In April 2015, a Ministry of Skill Development and Entrepreneurship (MSDE) was established which absorbed the Training and Apprenticeship responsibilities from the Directorate General of Employment and Training (DGET) and the Ministry of Labour and Employment (MoLE). They are known as the Directorate of Training and the Directorate of Apprenticeship Training. Through these Directorates, MSDE is responsible for a range of activities and bodies in the vocational education and training (MSDE, 2015). These include the National Vocational Qualifications Framework and the Sector Skills Councils.

The National Skill Development Corporation (NSDC) is a public-private partnership which aims to promote skill development through equity and grant funding to enterprises, companies and organisations that provide skill training. It also administers quality assurance and information systems for the training programs that it funds. It has also helped to establish a number of new training institutions, including some that train the training academies. The NSDC has also overseen the development of the Sector Skills Councils and has commissioned “Skills Gap” studies for a number of States.

The majority of the state governments have created State Skill Development Missions (SSDMs) that prioritise skill development based on local industry needs, allowing sectors to create employment opportunities and promote skills required with industry, government bodies and training organisations. There has also been an attempt to integrate the activities of the State Missions with the National Skill Development Mission. Apprenticeships feature among the activities of these missions; for example, Uttar Pradesh has an explicit objective of “Strengthening Apprenticeship Programme” with two activities:

  • The Department of Technical and Vocational Training, in consultation with the UPSSDM, will formulate and plan schemes to increase the current number of apprentices in the State

  • Collaborations will be made with industries and large companies of the State for increasing the number of trainees under the scheme.

The web site includes information about the number of students enrolled in VET, the number of Training Centres and so on.

New National Policy for Skill Development and Entrepreneurship

The “National Policy for Skill Development and Entrepreneurship” (Ministry of Skill Development and Entrepreneurship [MSDE], 2015) is the second National Policy on Skill Development. The inclusion of “Entrepreneurship” in the title of the policy, as with the Ministry, indicates a drive towards the creation of new businesses.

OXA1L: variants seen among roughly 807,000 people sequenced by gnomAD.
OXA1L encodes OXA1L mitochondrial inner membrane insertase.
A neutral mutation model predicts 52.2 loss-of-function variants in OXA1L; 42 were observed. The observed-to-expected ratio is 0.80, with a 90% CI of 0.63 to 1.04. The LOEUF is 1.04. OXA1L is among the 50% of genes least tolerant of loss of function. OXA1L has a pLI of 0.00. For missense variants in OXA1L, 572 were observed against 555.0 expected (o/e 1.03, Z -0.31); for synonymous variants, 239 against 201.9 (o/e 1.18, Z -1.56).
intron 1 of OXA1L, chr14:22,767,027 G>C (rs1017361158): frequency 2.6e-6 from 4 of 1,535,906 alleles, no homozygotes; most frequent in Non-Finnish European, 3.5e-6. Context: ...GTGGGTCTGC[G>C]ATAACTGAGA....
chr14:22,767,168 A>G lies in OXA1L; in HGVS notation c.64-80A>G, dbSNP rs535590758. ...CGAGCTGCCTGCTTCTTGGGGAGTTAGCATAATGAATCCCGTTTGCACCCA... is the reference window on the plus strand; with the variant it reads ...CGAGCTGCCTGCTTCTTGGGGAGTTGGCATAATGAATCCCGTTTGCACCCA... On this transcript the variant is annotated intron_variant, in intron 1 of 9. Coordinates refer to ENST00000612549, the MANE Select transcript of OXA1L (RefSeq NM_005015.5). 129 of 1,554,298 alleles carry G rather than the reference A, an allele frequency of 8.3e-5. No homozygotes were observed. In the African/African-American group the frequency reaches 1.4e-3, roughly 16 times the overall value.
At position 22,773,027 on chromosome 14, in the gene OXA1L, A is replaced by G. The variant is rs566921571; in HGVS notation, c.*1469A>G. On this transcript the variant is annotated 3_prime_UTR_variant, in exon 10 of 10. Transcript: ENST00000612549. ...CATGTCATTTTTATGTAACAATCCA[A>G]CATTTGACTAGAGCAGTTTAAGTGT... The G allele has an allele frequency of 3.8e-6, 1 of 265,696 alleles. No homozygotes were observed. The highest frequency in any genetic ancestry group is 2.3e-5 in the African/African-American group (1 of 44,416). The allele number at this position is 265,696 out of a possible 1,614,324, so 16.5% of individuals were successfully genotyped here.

The National Policy for Skill Development and Entrepreneurship (MSDE, 2015) set out to increase apprenticeship by ten-fold within five years through the following initiatives:

  • Work with industry including the Micro, Small and Medium-sized Enterprises (MSME) sector to increase apprenticeship places;

  • Include the service sector into the apprenticeship system;

  • Raise awareness of VET, including apprenticeship, among young people (MSDE, 2015).

More specific plans in relation to apprenticeship include the establishment of new Training Institutes (Multi-Skill Institutes) which were to be designated as Skill Hubs. Links between all training providers and industry were to be encouraged. A quality Assurance Framework for the VET sector was to be developed, to which all Institutes would be required to align. The National Skills Qualifications Framework would be further rolled out, and Sector Skills Council would be strengthened in their work.

To increase the formal qualifications of those in the informal sector, MSDE proposed using Recognition of Prior Learning (RPL) to assist those with skills in unorganised sectors by incorporating the informal sector into the formal realm of skilling. This was aimed at providing an opportunity to allow those with skills to obtain relevant certification of competency.

The policy set out ambitious plans to improve the quality and supply of trainers and assessors. These included setting up a national trainer/assessor portal; registration for trainers and assessors; upskilling programs for people moving from industry or the Defence Sector, and benchmarking pay scales with secondary school teachers. There was also a proposal for setting up specialised Institutes for VET teacher-training (at least one per State).

Apprentice Protasahan Yojana Scheme

The National Policy for Skill Development and Entrepreneurship proposed sharing the cost of the apprentice stipend between employers and the government in the MSME sector. The Apprentice Protsahan Yojana (APY) scheme, which began in October 2014, enacted this policy, and was implemented through the Regional Directorates of Apprenticeship Training (Directorate General of Training, 2015b). The scheme aimed to increase the number of employers, particularly MSME employers, involved in apprenticeships, and hoped to create 100 000 extra apprenticeship places. The scheme covers all apprentices (those in trades and also in “optional trades”) and any company with six or more employees, but only two apprentices per employer can be covered at any one time. In assessing applications, manufacturing is given preference above other sectors, and within sectors, registered MSMEs are given preference above non-MSMEs.